Environment: Extensive wetland losses in past three centuries
February 9, 2023
The world lost about 20% of its natural wetlands between 1700 and 2020, according to a study published in Nature this week. The findings may provide a basis for assessing the impact of wetland loss on the wider environment.
Wetlands provide important ecosystem services but are often drained and converted for urbanization or agricultural development. It has been challenging to adequately map wetland loss at a global scale. Previous research has suggested that at least 50% of wetland has been lost since 1900, although estimates range between 28% and 87% net loss since 1700. Such a wide range of figures makes it difficult to assess the environmental impact of wetland conversion.
Etienne Fluet-Chouinard and colleagues reconstruct the timing and spatial distribution of wetland loss due to human intervention by combining 3,320 international and regional records of wetland drainage and land conversion from 154 countries with existing data on land usage and simulated wetland extent. They estimate that 3.4 million km2 of inland wetlands have been lost since 1700 — a net loss of 21% of global wetlands, which is supported by existing regional estimates of loss. The most common causes of wetland disappearance were drainage for upland crops, conversion to flooded rice fields, and urban development. The drivers for conversion varied by region, and the authors note that wetland loss has been concentrated in Europe, the United States and China.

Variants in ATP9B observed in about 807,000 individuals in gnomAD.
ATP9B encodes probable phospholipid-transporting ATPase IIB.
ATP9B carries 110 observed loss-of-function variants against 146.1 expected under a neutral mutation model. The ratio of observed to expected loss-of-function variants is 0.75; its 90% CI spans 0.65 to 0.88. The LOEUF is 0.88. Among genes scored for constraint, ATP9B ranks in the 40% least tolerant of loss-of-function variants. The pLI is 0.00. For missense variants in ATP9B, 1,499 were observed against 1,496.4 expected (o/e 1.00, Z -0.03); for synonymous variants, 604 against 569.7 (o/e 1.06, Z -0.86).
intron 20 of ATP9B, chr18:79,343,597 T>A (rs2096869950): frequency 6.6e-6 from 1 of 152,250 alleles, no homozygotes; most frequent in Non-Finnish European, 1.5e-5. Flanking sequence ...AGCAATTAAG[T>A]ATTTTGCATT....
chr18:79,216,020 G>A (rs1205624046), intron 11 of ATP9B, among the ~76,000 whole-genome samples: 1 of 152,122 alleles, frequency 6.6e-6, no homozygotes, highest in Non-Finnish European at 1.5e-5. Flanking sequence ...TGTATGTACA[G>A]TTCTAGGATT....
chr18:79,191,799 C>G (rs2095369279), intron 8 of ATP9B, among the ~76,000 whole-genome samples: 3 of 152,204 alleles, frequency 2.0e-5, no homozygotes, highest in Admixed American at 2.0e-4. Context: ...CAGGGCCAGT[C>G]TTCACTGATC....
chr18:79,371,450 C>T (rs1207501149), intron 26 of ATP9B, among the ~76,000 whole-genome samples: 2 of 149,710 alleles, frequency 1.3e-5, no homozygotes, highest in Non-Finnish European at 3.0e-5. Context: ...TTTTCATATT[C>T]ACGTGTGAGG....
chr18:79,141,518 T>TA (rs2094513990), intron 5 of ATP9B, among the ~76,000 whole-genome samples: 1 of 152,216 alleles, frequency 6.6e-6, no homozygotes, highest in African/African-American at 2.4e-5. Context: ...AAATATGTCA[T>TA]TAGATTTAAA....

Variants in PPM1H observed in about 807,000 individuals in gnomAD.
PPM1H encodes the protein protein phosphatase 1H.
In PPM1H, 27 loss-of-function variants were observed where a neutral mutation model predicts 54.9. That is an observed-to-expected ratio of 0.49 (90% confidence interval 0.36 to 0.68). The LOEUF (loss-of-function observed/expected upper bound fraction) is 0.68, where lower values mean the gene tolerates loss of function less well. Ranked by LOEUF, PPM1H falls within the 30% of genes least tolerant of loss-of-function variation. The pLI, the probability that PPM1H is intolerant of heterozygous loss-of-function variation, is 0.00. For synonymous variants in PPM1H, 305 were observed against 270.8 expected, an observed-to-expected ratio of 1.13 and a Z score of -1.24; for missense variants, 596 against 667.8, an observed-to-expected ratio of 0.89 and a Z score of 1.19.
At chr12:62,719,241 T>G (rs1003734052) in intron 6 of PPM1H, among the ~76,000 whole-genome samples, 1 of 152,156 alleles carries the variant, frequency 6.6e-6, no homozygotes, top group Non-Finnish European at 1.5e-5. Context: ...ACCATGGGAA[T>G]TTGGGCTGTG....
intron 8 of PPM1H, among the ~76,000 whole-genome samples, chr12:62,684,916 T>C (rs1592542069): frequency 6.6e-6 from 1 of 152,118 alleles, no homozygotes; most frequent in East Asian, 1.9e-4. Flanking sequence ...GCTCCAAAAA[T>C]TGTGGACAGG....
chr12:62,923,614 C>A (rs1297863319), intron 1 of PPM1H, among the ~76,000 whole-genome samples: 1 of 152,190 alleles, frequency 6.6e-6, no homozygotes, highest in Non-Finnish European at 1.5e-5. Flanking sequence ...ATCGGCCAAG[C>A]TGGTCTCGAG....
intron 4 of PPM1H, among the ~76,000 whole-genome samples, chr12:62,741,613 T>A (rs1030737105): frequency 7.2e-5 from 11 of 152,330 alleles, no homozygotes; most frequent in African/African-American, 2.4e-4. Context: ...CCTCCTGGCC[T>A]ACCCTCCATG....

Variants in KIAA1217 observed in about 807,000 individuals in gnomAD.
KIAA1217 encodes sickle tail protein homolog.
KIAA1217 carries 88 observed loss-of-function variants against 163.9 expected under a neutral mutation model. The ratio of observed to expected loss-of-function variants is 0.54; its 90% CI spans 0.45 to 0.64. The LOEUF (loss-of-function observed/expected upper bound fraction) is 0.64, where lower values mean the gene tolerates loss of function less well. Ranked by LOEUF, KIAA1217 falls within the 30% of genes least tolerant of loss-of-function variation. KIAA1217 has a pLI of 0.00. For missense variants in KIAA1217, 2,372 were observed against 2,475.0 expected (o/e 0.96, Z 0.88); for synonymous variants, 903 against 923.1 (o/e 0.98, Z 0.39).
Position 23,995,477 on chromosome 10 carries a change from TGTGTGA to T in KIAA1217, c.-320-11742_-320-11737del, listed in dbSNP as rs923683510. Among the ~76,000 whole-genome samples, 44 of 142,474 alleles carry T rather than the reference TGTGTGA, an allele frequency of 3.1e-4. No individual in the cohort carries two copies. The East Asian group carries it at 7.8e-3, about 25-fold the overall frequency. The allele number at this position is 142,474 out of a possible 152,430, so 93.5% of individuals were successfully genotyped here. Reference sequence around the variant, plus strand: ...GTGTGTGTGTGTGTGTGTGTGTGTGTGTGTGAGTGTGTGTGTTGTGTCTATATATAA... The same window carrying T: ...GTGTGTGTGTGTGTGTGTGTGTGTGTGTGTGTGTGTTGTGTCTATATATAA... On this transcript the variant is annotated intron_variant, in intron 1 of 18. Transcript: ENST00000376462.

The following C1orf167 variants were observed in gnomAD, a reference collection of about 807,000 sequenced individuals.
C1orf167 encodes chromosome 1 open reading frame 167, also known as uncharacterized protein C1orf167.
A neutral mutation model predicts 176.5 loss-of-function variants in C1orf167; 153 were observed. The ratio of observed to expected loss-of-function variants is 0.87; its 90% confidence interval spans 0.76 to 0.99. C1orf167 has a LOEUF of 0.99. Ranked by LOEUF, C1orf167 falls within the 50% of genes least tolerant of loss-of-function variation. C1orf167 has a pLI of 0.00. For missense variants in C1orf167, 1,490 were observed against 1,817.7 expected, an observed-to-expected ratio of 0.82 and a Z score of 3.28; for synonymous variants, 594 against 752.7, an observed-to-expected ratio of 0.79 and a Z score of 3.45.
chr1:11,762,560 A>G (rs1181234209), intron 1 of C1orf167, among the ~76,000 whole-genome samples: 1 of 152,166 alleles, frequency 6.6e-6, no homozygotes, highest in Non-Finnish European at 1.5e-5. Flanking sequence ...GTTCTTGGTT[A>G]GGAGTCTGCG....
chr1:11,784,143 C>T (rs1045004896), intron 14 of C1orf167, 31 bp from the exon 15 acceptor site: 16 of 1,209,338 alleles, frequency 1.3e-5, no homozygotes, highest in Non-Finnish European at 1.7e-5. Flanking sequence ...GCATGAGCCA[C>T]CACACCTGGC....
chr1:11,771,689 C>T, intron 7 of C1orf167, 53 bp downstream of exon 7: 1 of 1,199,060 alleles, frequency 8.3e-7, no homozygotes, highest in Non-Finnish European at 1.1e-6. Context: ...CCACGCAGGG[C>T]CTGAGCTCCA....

This study documents an environmental shift at the global scale and could be a crucial resource for monitoring how human activity is influencing environmental change, the authors conclude.
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